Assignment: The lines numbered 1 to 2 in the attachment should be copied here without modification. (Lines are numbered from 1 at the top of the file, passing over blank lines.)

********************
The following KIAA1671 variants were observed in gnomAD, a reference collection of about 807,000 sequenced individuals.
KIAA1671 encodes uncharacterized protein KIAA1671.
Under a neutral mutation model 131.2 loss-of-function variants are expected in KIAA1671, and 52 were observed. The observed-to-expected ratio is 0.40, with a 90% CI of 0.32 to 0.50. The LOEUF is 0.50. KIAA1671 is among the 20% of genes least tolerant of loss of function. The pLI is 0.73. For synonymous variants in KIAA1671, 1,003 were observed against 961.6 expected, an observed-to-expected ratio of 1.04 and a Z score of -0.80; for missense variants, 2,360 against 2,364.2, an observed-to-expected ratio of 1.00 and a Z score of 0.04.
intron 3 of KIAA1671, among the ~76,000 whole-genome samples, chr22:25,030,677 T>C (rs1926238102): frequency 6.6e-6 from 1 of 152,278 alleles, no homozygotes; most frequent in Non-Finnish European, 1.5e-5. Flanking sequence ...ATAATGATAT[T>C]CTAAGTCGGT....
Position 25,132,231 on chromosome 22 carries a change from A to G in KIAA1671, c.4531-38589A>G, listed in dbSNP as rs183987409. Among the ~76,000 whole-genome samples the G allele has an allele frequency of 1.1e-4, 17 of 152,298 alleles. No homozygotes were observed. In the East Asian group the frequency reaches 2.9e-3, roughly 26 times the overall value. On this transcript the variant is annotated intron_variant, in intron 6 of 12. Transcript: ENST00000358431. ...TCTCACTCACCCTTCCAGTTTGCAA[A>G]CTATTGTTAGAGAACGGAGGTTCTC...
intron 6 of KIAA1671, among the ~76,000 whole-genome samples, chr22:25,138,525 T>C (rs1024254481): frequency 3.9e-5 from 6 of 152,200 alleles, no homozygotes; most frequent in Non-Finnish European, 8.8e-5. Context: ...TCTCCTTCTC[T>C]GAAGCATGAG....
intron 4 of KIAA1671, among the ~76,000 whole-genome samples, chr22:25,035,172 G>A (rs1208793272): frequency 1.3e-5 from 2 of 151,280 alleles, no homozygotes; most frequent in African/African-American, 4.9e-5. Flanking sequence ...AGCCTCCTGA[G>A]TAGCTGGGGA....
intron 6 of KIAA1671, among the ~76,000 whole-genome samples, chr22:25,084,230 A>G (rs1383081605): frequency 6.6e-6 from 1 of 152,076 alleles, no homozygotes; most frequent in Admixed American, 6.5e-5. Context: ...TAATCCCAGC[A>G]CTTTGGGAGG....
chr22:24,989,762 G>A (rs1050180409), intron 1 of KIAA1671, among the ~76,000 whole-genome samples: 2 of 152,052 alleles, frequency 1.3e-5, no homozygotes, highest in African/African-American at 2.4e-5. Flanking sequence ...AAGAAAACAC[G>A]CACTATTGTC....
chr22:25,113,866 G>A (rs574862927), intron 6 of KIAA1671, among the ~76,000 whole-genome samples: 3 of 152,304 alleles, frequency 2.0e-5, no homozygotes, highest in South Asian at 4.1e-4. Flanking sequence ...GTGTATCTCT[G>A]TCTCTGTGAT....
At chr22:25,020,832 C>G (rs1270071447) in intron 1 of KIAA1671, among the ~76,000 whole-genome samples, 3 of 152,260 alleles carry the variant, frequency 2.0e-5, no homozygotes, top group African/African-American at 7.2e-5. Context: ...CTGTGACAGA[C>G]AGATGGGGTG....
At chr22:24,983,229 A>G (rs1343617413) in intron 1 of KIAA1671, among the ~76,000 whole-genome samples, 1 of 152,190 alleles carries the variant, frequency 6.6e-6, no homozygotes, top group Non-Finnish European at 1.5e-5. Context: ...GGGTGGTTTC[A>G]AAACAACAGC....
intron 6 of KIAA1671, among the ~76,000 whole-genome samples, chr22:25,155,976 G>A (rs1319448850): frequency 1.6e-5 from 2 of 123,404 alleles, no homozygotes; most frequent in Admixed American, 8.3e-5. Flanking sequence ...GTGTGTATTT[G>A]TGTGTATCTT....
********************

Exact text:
The following KIAA1671 variants were observed in gnomAD, a reference collection of about 807,000 sequenced individuals.
KIAA1671 encodes uncharacterized protein KIAA1671.